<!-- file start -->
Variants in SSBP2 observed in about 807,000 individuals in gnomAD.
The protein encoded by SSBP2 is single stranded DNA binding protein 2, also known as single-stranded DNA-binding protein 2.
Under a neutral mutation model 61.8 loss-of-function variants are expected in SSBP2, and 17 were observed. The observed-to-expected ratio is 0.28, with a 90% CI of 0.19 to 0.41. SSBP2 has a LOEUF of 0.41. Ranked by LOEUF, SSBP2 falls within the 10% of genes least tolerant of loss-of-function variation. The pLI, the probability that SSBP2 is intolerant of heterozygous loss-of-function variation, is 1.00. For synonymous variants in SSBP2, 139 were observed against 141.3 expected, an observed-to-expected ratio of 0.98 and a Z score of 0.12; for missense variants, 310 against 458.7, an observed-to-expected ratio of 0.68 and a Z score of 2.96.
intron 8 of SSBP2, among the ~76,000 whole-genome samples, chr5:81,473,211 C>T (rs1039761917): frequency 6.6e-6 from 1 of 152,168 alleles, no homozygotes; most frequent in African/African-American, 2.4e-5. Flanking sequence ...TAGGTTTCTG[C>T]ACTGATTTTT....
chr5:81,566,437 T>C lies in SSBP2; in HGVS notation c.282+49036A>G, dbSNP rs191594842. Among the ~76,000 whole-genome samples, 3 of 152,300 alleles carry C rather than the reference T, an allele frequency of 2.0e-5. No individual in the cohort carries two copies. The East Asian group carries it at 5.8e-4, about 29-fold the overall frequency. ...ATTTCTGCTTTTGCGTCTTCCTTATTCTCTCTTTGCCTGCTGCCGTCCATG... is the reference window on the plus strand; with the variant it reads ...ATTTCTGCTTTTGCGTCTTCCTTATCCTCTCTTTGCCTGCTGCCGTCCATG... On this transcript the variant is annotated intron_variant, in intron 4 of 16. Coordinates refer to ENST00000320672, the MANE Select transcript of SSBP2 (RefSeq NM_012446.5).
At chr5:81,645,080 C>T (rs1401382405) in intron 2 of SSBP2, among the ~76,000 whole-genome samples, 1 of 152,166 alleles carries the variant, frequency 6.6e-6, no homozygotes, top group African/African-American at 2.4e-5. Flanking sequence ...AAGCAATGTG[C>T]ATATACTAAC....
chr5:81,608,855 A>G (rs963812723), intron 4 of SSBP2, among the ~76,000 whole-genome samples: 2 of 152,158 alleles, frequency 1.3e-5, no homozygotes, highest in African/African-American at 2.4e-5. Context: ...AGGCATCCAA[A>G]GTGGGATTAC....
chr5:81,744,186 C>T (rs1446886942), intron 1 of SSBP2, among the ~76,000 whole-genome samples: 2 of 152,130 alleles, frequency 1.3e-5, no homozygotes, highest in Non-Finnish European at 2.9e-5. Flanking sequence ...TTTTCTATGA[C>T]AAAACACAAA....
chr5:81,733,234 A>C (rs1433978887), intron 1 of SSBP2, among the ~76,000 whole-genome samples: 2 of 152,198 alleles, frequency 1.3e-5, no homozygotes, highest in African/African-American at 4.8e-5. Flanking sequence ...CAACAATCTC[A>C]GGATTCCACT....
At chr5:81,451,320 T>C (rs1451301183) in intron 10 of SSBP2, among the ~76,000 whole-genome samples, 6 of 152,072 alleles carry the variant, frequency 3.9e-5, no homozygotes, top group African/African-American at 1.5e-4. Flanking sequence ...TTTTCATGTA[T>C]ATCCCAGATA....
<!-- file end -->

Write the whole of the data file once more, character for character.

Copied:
Variants in SSBP2 observed in about 807,000 individuals in gnomAD.
The protein encoded by SSBP2 is single stranded DNA binding protein 2, also known as single-stranded DNA-binding protein 2.
Under a neutral mutation model 61.8 loss-of-function variants are expected in SSBP2, and 17 were observed. The observed-to-expected ratio is 0.28, with a 90% CI of 0.19 to 0.41. SSBP2 has a LOEUF of 0.41. Ranked by LOEUF, SSBP2 falls within the 10% of genes least tolerant of loss-of-function variation. The pLI, the probability that SSBP2 is intolerant of heterozygous loss-of-function variation, is 1.00. For synonymous variants in SSBP2, 139 were observed against 141.3 expected, an observed-to-expected ratio of 0.98 and a Z score of 0.12; for missense variants, 310 against 458.7, an observed-to-expected ratio of 0.68 and a Z score of 2.96.
intron 8 of SSBP2, among the ~76,000 whole-genome samples, chr5:81,473,211 C>T (rs1039761917): frequency 6.6e-6 from 1 of 152,168 alleles, no homozygotes; most frequent in African/African-American, 2.4e-5. Flanking sequence ...TAGGTTTCTG[C>T]ACTGATTTTT....
chr5:81,566,437 T>C lies in SSBP2; in HGVS notation c.282+49036A>G, dbSNP rs191594842. Among the ~76,000 whole-genome samples, 3 of 152,300 alleles carry C rather than the reference T, an allele frequency of 2.0e-5. No individual in the cohort carries two copies. The East Asian group carries it at 5.8e-4, about 29-fold the overall frequency. ...ATTTCTGCTTTTGCGTCTTCCTTATTCTCTCTTTGCCTGCTGCCGTCCATG... is the reference window on the plus strand; with the variant it reads ...ATTTCTGCTTTTGCGTCTTCCTTATCCTCTCTTTGCCTGCTGCCGTCCATG... On this transcript the variant is annotated intron_variant, in intron 4 of 16. Coordinates refer to ENST00000320672, the MANE Select transcript of SSBP2 (RefSeq NM_012446.5).
At chr5:81,645,080 C>T (rs1401382405) in intron 2 of SSBP2, among the ~76,000 whole-genome samples, 1 of 152,166 alleles carries the variant, frequency 6.6e-6, no homozygotes, top group African/African-American at 2.4e-5. Flanking sequence ...AAGCAATGTG[C>T]ATATACTAAC....
chr5:81,608,855 A>G (rs963812723), intron 4 of SSBP2, among the ~76,000 whole-genome samples: 2 of 152,158 alleles, frequency 1.3e-5, no homozygotes, highest in African/African-American at 2.4e-5. Context: ...AGGCATCCAA[A>G]GTGGGATTAC....
chr5:81,744,186 C>T (rs1446886942), intron 1 of SSBP2, among the ~76,000 whole-genome samples: 2 of 152,130 alleles, frequency 1.3e-5, no homozygotes, highest in Non-Finnish European at 2.9e-5. Flanking sequence ...TTTTCTATGA[C>T]AAAACACAAA....
chr5:81,733,234 A>C (rs1433978887), intron 1 of SSBP2, among the ~76,000 whole-genome samples: 2 of 152,198 alleles, frequency 1.3e-5, no homozygotes, highest in African/African-American at 4.8e-5. Flanking sequence ...CAACAATCTC[A>C]GGATTCCACT....
At chr5:81,451,320 T>C (rs1451301183) in intron 10 of SSBP2, among the ~76,000 whole-genome samples, 6 of 152,072 alleles carry the variant, frequency 3.9e-5, no homozygotes, top group African/African-American at 1.5e-4. Flanking sequence ...TTTTCATGTA[T>C]ATCCCAGATA....